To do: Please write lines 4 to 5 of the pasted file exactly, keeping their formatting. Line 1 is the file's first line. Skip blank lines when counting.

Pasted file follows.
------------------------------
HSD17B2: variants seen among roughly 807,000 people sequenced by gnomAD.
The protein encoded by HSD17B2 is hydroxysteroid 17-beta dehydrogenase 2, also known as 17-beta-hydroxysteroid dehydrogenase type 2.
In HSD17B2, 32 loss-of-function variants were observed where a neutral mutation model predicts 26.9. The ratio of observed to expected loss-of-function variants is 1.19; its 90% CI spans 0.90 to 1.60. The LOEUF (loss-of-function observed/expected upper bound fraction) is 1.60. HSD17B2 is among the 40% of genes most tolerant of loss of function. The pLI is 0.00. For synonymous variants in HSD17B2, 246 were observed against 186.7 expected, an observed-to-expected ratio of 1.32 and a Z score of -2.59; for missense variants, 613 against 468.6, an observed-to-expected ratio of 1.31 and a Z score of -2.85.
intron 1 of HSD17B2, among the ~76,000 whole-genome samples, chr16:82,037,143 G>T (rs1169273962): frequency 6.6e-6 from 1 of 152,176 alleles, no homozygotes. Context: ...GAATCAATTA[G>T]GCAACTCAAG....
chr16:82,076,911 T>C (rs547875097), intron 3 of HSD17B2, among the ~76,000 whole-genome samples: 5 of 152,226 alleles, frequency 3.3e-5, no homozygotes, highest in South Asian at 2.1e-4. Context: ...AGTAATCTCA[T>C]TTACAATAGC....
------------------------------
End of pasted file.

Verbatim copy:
intron 1 of HSD17B2, among the ~76,000 whole-genome samples, chr16:82,037,143 G>T (rs1169273962): frequency 6.6e-6 from 1 of 152,176 alleles, no homozygotes. Context: ...GAATCAATTA[G>T]GCAACTCAAG....
chr16:82,076,911 T>C (rs547875097), intron 3 of HSD17B2, among the ~76,000 whole-genome samples: 5 of 152,226 alleles, frequency 3.3e-5, no homozygotes, highest in South Asian at 2.1e-4. Context: ...AGTAATCTCA[T>C]TTACAATAGC....